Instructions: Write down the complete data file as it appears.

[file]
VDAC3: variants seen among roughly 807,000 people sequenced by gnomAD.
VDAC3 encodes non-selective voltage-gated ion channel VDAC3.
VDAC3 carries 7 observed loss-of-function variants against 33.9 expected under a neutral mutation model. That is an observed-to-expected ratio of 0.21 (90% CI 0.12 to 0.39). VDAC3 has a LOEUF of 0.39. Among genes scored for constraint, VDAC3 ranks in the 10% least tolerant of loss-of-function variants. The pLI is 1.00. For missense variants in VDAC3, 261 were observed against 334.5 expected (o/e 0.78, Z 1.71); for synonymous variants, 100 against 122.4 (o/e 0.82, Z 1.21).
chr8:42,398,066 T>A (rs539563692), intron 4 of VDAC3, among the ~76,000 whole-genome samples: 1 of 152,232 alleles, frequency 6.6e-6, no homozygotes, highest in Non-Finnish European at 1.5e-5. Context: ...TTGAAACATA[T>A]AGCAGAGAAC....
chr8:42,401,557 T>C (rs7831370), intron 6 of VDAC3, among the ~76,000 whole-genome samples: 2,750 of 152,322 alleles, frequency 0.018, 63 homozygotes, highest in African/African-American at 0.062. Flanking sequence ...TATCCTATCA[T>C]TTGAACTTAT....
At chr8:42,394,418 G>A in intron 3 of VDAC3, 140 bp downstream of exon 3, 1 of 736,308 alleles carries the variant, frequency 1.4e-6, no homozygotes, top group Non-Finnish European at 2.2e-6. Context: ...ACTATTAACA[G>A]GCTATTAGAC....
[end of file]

VDAC3: variants seen among roughly 807,000 people sequenced by gnomAD.
VDAC3 encodes non-selective voltage-gated ion channel VDAC3.
VDAC3 carries 7 observed loss-of-function variants against 33.9 expected under a neutral mutation model. That is an observed-to-expected ratio of 0.21 (90% CI 0.12 to 0.39). VDAC3 has a LOEUF of 0.39. Among genes scored for constraint, VDAC3 ranks in the 10% least tolerant of loss-of-function variants. The pLI is 1.00. For missense variants in VDAC3, 261 were observed against 334.5 expected (o/e 0.78, Z 1.71); for synonymous variants, 100 against 122.4 (o/e 0.82, Z 1.21).
chr8:42,398,066 T>A (rs539563692), intron 4 of VDAC3, among the ~76,000 whole-genome samples: 1 of 152,232 alleles, frequency 6.6e-6, no homozygotes, highest in Non-Finnish European at 1.5e-5. Context: ...TTGAAACATA[T>A]AGCAGAGAAC....
chr8:42,401,557 T>C (rs7831370), intron 6 of VDAC3, among the ~76,000 whole-genome samples: 2,750 of 152,322 alleles, frequency 0.018, 63 homozygotes, highest in African/African-American at 0.062. Flanking sequence ...TATCCTATCA[T>C]TTGAACTTAT....
At chr8:42,394,418 G>A in intron 3 of VDAC3, 140 bp downstream of exon 3, 1 of 736,308 alleles carries the variant, frequency 1.4e-6, no homozygotes, top group Non-Finnish European at 2.2e-6. Context: ...ACTATTAACA[G>A]GCTATTAGAC....